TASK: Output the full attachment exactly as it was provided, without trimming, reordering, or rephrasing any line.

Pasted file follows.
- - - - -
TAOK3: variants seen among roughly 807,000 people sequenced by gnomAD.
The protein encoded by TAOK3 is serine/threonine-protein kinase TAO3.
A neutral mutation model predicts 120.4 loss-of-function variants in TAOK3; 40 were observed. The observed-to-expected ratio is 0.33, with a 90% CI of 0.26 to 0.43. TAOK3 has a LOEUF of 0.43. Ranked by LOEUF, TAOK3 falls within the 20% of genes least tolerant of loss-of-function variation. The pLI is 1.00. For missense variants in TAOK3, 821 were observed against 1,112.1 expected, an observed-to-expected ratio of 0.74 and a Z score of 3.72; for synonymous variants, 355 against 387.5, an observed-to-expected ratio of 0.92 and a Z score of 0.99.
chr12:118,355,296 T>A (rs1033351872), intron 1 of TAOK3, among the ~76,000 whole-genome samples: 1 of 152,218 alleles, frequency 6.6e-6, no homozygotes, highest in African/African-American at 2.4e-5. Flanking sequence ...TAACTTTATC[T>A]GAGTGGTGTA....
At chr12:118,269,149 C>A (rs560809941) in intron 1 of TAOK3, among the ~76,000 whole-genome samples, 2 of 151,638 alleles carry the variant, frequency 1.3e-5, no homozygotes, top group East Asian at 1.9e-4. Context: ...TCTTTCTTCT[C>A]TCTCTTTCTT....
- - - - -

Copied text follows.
TAOK3: variants seen among roughly 807,000 people sequenced by gnomAD.
The protein encoded by TAOK3 is serine/threonine-protein kinase TAO3.
A neutral mutation model predicts 120.4 loss-of-function variants in TAOK3; 40 were observed. The observed-to-expected ratio is 0.33, with a 90% CI of 0.26 to 0.43. TAOK3 has a LOEUF of 0.43. Ranked by LOEUF, TAOK3 falls within the 20% of genes least tolerant of loss-of-function variation. The pLI is 1.00. For missense variants in TAOK3, 821 were observed against 1,112.1 expected, an observed-to-expected ratio of 0.74 and a Z score of 3.72; for synonymous variants, 355 against 387.5, an observed-to-expected ratio of 0.92 and a Z score of 0.99.
chr12:118,355,296 T>A (rs1033351872), intron 1 of TAOK3, among the ~76,000 whole-genome samples: 1 of 152,218 alleles, frequency 6.6e-6, no homozygotes, highest in African/African-American at 2.4e-5. Flanking sequence ...TAACTTTATC[T>A]GAGTGGTGTA....
At chr12:118,269,149 C>A (rs560809941) in intron 1 of TAOK3, among the ~76,000 whole-genome samples, 2 of 151,638 alleles carry the variant, frequency 1.3e-5, no homozygotes, top group East Asian at 1.9e-4. Context: ...TCTTTCTTCT[C>A]TCTCTTTCTT....